GWANGJU, SOUTH KOREA – America swimmer Caeleb Dressel capped off his week at the FINA Swimming World Championship with a male Swimmer of the Meet honor after coming home with a world record, a …
GWANGJU, SOUTH KOREA – America swimmer Caeleb Dressel capped off his week at the FINA Swimming World Championship with a male Swimmer of the Meet honor after coming home with a world record, a handful of American and meet records, six gold medals and two silver medals to become the most prolific swimmer in history at the meet.
Dressel, a Clay High School graduate and multiple state swim champion, would have had nine medals from the 2019 FINA Swimming World Championships in South Korea this week after a spectacular butterfly leg in the medley relay put the American mens team in first place, but Olympic sprint specialist Nathan Adrian could not hold off Great Britain’s Duncan Scott in the final 100 freestyle anchor leg as the United States team took silver.
“We now know where we have to work to be better,” said leadoff leg backstroker Ryan Murphy, in a post race interview. “We will be better.”
Murphy, a two time Olympic gold medalist in backstroke, finished with just an individual silver medal in the 200 backstroke and two fourths; in the 50 and 100 backstrokes.
Dressel was also named the male Swimmer of the Meet with Swedish swimmer Sarah Sjostrom taking the female award.
For his medal grab, Dressel won gold in the 50 fly, the 50 free, the 100 fly and the 100 free with golds in the Mixed 4 x 100 free relay in a world record time and gold in the 4 x 100 free relay in a meet record time. The silver medals came in the 400 medley relay and the Mixed 4 x 100 medley relay where Dressel scorched the butterfly leg in a mismatch against two female swimmers before giving American freestyler Simone Manuel, who won gold in the 50 and 100 freestyle races, a nearly one second lead only to finish second behind Australia’s Cate Campbell. Campbell was third to Manuel in the 50 free final and second in the 100 free.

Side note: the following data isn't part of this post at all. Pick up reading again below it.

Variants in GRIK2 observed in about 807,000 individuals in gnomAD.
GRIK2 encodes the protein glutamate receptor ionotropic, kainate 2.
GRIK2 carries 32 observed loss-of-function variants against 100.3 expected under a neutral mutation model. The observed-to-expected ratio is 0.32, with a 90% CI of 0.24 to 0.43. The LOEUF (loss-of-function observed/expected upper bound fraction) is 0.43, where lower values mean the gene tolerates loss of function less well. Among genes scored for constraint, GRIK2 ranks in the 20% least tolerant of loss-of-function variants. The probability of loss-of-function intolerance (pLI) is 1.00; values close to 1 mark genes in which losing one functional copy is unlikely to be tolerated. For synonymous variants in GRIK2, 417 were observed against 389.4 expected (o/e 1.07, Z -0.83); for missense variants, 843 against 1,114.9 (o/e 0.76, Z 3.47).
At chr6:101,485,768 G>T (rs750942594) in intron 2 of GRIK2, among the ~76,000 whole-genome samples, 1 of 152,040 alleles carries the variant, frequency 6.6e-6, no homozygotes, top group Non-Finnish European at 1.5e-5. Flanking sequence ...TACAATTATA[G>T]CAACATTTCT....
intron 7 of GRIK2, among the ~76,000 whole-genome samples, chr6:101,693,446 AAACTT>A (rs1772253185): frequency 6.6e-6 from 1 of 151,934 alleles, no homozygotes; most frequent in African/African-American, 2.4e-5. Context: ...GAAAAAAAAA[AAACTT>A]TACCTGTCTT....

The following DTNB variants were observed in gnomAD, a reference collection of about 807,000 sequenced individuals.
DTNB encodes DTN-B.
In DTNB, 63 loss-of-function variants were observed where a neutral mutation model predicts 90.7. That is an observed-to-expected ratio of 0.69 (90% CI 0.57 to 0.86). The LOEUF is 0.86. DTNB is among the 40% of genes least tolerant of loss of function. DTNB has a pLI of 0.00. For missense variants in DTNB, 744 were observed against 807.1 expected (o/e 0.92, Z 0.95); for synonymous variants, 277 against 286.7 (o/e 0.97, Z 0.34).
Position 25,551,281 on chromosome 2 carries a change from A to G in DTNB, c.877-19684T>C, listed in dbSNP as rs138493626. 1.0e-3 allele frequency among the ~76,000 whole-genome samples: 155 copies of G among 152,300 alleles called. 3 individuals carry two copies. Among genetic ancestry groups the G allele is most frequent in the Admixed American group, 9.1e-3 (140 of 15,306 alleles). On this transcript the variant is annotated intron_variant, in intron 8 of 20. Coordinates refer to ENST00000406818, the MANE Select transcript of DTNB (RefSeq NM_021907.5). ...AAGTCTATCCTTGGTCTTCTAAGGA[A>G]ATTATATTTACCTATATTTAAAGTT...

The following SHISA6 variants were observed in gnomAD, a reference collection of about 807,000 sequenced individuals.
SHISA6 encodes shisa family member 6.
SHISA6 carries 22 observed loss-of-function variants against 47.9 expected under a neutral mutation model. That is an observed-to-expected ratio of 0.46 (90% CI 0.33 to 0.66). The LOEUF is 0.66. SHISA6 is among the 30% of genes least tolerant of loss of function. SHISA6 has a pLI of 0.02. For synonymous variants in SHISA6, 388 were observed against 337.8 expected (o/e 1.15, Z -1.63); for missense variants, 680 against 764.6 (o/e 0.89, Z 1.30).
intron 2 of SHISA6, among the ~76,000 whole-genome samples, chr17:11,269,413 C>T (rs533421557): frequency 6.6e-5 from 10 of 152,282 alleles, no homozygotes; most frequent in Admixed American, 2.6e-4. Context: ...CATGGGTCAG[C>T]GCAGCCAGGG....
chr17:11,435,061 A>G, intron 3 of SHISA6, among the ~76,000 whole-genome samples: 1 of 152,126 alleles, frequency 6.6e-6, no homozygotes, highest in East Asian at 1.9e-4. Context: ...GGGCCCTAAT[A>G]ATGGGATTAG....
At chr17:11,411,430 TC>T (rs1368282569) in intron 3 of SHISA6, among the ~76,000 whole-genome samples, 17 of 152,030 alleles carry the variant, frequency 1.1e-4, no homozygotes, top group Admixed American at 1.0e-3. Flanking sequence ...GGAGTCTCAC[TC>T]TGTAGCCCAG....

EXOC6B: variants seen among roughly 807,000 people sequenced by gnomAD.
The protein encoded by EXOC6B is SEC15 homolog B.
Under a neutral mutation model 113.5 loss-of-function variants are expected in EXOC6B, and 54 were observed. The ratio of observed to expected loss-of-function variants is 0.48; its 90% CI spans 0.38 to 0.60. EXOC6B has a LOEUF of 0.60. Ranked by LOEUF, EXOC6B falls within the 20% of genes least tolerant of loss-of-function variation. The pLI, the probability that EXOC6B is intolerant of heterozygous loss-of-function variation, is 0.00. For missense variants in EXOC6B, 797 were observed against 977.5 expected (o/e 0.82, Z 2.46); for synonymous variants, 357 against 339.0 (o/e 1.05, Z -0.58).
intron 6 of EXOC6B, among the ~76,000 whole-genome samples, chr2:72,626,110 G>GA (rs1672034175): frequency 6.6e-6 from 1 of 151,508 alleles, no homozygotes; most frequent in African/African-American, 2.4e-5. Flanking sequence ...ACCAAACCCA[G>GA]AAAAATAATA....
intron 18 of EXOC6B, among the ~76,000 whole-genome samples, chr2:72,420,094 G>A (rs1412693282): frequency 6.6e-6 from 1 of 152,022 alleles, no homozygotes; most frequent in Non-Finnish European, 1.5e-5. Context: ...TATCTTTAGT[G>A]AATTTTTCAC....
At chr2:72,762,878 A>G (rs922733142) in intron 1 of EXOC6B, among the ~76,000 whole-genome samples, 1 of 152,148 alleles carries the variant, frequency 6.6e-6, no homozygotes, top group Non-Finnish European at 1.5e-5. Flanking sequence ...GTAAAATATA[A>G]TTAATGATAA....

Dressel won seven gold medals at the 2017 FINA Swimming World Championships in Budapest to tie the seven medal record held by Phelps (twice), Australian Michael Klim and American Matt Biondi.
In South Korea, Dressel broke Phelps’ longstanding record in the 100 butterfly while narrowly missing world marks in all three of his other individual golds including the 100 freestyle record of 46.91 where Dressel won gold at 46.96 in the semifinal.
“It’s something very special, I thought I could do, but thank you Michael Phelps for setting the challenge for all the swimmers after you,” said Dressel, in a post race interview on NBCSports after his record setting 100 butterfly. “I thought it was my time to do it and I went for it.”
Phelps put a message to Dressel on Instagram afterward.
“Many congrats to [Caeleb Dressel]!! So sick to watch your starts, turns, under water, and of course your stroke!” Phelps added after, “Swimming super fast this week! Finish strong!”
Dressel’s gold in the 50 butterfly was the first time an American swimmer won world championship gold in that event.
“I’m glad to be the first,” said Dressel. “I did not know that.”
In an historic one-day performance on the penultimate day of competition on Sat., July 27, Dressel won gold in the 50 free in a near world record 21.04 seconds; 21.08 the record, then, about an hour late, won the 100 butterfly in 49.66 after he had broken Phelps’ record in the semifinals with a 49.50 before returning to the pool about two hours later to leadoff the American 4 x 100 freestyle relay to a world record gold medal in 3:19.40. Dressel opened the relay with a 47.34 split.
In the 100 freestyle final just two days prior, Dressel won gold in 46.96 over Kyle Chalmers of Australia whom Dressel had never previously beaten in a freestyle race.
Dressel and the American swimmers take a few days to recharge and return to the United States to compete in the 2019 Phillips 66 National Championships at Stanford University starting on July 31. Dressel is heat sheeted to swim in the 200 freestyle; ranked fourth, and the 200 individual medley; ranked 12th, as well as his other specialties.